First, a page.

Action plans to avoid repeat of stranded trains fiasco
NETWORK Rail and Southeastern will deliver new training for 3,500 staff, following an incident at Lewisham on March 2 ( RAIL 848).
During severe weather conditions, passengers took the decision to evacuate themselves from trains that had become stranded.
An independent report published by consultants Arthur D Little and Southwood Rail Consulting examined the circumstances behind the incident, which occurred at the end of a week of extremely cold weather, including snow, ice and freezing rain over much of the UK.
The report recommends improvements to command and control arrangements, while also stating that industry procedures for stranded trains need revisiting to avoid a similar situation in the future.
It found that lessons must be learned in the way disruption is managed and how information is shared.
Other recommendations from the report include: ■ Network Rail is investigating expanding the installation of conductor rail heating to include key locations (such as Lewisham) which, although not prone to freezing, could potentially benefit from heating in extreme weather events. A trial of a more effective anti-icer on its fleet of snow and ice treatment trains will also be carried out. In addition, Southeastern is exploring the use of ice-breaker shoes on some passenger trains. ■ Network Rail and Southeastern are working with specialist consultants on planning and preparation for severe weather. This will include examining the criteria needed to decide if trains should even be running in extreme weather, such as the snow and icy conditions experienced in March. ■ Southeastern is examining engineering changes to extend train battery life, meaning that train communications systems and lighting could stay on longer if the third rail power system is unavailable. ■ The two companies are improving how they communicate during extreme winter weather. This includes investment in improved systems for providing information to customers; revised protocols for communication between teams on the ground and in control centres; and more effective procedures for liaising between different organisations involved in any future incident.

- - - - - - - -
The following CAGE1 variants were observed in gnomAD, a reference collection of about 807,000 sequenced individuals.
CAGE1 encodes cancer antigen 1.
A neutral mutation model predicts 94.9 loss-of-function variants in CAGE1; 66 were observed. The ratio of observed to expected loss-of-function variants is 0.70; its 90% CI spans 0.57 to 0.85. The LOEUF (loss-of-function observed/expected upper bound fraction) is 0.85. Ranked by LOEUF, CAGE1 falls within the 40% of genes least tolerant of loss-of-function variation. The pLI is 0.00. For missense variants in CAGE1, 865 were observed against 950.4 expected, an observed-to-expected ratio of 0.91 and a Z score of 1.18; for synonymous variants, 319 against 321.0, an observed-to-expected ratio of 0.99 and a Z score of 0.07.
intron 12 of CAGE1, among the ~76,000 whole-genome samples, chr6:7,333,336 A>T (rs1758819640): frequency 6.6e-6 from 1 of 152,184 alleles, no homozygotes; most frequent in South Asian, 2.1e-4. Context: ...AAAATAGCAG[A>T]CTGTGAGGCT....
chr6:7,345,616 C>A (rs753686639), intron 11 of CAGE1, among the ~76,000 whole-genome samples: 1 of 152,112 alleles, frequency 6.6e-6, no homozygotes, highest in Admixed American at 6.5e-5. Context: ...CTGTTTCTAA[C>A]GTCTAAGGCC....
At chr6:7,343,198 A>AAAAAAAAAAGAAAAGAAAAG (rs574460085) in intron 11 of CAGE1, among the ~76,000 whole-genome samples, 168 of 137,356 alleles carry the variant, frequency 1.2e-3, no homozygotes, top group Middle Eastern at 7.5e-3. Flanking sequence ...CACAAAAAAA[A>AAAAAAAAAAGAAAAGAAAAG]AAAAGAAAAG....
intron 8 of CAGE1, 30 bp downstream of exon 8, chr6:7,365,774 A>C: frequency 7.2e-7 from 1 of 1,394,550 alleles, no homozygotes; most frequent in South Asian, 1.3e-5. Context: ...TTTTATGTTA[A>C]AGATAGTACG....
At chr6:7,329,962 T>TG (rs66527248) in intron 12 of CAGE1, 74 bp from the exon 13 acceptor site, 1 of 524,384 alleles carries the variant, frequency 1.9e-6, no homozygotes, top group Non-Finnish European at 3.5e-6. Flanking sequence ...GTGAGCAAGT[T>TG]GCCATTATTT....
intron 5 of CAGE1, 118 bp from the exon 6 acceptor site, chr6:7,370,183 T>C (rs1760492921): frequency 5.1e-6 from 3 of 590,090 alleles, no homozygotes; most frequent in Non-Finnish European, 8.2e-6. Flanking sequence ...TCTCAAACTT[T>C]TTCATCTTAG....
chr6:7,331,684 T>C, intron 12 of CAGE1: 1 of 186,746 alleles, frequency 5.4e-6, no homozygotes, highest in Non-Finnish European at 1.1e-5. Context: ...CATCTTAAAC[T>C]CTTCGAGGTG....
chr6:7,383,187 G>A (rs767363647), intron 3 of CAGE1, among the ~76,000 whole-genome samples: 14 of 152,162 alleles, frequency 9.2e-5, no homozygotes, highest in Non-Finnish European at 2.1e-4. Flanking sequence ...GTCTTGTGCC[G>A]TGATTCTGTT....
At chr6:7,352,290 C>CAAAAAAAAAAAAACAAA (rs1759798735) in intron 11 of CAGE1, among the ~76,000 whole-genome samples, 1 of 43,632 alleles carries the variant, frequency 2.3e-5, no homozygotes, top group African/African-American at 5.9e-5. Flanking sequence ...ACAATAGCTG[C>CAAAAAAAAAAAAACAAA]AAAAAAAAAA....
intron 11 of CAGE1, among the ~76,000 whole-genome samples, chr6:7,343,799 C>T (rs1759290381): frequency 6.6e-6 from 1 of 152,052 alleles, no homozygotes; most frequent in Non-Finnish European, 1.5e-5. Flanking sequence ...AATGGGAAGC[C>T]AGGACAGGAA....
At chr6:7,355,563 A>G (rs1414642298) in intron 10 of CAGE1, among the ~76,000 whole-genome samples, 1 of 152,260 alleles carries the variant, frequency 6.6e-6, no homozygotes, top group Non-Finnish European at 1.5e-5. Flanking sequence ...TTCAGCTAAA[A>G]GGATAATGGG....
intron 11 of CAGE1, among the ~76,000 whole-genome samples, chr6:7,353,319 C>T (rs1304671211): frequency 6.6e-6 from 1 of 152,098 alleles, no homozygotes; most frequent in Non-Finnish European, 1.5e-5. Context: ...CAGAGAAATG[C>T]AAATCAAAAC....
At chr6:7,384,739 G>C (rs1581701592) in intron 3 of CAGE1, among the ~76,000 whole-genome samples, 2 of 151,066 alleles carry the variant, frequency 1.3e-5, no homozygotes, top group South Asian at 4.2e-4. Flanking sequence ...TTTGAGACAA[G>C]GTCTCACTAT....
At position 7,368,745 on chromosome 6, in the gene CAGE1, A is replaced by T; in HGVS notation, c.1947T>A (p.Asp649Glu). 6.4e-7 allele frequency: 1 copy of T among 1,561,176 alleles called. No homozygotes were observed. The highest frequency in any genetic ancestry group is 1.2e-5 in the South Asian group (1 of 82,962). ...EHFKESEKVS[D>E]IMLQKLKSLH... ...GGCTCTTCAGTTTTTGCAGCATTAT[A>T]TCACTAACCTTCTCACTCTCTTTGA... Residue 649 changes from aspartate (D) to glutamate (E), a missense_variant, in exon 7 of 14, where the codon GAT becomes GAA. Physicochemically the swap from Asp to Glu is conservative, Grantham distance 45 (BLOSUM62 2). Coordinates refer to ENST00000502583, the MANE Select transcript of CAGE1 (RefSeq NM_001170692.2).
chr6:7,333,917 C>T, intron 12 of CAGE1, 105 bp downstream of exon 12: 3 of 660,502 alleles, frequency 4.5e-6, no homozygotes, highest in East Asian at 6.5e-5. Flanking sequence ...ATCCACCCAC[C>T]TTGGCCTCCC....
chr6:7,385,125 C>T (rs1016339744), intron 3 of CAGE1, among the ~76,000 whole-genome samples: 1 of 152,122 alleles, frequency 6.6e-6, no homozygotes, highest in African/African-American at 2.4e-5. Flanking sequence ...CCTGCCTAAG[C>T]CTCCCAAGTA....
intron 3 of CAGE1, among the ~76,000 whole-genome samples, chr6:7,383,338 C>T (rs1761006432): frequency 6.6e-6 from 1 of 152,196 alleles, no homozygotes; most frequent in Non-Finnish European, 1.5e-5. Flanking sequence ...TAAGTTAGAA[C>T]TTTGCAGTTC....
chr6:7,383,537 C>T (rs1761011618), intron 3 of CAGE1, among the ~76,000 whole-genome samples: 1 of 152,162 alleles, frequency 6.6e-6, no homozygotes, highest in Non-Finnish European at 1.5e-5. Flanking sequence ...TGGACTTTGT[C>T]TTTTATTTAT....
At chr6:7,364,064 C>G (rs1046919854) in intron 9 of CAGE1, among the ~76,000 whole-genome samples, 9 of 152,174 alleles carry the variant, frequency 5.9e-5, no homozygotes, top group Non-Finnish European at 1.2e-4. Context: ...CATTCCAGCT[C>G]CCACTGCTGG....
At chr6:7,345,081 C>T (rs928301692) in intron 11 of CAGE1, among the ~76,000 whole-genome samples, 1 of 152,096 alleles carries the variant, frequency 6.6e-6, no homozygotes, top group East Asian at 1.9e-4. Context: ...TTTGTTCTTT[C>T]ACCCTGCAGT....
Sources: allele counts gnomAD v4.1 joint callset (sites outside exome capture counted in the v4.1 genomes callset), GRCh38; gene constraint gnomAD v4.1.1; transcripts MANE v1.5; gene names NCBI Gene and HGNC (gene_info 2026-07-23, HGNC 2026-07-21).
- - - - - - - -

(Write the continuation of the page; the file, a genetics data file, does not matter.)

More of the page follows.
In a joint statement, Southeastern Managing Director David Statham and Network Rail’s South East Route Managing Director John Halsall said: “Winter weather conditions in 2018 were the most challenging we’ve seen in the South East for more than a decade. Unfortunately, this led to a very serious incident in Lewisham, and we’re determined to learn from what happened.
“We sincerely apologise to passengers for what was an unpleasant and distressing experience. Our staff worked exceptionally hard in extremely difficult circumstances, but the number of trains involved in this incident made it difficult to co-ordinate a response.
“Both Southeastern and Network Rail are taking steps to minimise the possibility of this happening again. We are improving our management of extreme weather, examining ways to keep the power on when conductor rails fail, and updating our procedures for communicating with passengers in an emergency.
“We would like to emphasise that the safest option for passengers is to remain on board and await help, even in the exceptionally unusual scenario of a train getting stuck between stations.”
The remit of the report was agreed in consultation with consumer bodies London TravelWatch and Transport Focus, as well as with trade unions.